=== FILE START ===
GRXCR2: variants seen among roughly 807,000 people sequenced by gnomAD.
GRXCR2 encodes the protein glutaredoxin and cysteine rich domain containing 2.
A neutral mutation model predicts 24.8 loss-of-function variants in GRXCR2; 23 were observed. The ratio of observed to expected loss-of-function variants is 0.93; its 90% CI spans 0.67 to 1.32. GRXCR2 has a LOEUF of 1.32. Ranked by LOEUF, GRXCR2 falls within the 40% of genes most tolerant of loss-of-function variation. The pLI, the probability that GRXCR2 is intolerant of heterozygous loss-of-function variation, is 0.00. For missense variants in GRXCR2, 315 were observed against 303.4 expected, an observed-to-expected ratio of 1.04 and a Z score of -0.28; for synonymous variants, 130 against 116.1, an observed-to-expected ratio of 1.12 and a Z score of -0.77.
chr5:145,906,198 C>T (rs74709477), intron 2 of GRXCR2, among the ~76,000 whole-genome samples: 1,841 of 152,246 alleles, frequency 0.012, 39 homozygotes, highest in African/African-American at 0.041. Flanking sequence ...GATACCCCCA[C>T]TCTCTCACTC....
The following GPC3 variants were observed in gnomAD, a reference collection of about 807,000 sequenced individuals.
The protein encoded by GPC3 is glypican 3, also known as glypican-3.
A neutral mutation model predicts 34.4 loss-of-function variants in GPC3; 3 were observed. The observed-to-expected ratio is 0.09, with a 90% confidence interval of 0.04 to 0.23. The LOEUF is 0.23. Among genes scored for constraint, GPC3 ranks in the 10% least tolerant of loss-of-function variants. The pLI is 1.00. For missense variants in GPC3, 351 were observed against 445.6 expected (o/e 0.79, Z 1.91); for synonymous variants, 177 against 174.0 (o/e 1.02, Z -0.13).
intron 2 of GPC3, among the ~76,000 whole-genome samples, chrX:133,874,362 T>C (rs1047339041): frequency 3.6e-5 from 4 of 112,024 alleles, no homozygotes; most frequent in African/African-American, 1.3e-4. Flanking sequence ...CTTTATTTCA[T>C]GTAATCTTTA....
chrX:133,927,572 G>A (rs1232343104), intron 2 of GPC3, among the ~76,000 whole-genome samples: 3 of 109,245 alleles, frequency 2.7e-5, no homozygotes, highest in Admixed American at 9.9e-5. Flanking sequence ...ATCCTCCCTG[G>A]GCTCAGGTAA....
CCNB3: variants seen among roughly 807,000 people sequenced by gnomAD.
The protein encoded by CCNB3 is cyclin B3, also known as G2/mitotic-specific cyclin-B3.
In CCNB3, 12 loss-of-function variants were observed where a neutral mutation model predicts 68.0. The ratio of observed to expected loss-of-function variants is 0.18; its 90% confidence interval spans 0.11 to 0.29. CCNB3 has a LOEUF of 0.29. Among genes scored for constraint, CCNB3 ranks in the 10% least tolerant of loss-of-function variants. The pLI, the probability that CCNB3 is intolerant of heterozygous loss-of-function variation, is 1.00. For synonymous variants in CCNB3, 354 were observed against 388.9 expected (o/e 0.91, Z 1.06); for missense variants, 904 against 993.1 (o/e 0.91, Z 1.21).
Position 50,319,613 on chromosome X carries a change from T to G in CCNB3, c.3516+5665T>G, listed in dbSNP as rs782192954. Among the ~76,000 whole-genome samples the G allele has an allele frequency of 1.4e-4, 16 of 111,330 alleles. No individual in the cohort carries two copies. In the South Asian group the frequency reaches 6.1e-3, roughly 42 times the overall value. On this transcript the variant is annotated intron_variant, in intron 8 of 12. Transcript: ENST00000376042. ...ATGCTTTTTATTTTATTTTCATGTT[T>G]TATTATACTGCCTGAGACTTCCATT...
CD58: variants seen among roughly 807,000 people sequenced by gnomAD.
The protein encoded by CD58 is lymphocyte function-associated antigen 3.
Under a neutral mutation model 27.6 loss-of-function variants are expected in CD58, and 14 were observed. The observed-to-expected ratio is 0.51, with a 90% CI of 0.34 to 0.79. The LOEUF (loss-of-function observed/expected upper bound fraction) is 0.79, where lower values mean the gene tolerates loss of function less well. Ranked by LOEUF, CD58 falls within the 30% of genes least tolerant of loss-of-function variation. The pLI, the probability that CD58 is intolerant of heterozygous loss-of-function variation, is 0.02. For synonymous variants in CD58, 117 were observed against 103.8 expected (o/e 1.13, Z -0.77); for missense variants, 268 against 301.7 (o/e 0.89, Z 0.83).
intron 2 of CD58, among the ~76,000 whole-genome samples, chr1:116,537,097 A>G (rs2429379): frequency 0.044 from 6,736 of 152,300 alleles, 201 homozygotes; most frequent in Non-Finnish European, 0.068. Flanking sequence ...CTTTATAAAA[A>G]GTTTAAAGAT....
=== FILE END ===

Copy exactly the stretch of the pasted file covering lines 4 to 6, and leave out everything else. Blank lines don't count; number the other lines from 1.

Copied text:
chr5:145,906,198 C>T (rs74709477), intron 2 of GRXCR2, among the ~76,000 whole-genome samples: 1,841 of 152,246 alleles, frequency 0.012, 39 homozygotes, highest in African/African-American at 0.041. Flanking sequence ...GATACCCCCA[C>T]TCTCTCACTC....
The following GPC3 variants were observed in gnomAD, a reference collection of about 807,000 sequenced individuals.
The protein encoded by GPC3 is glypican 3, also known as glypican-3.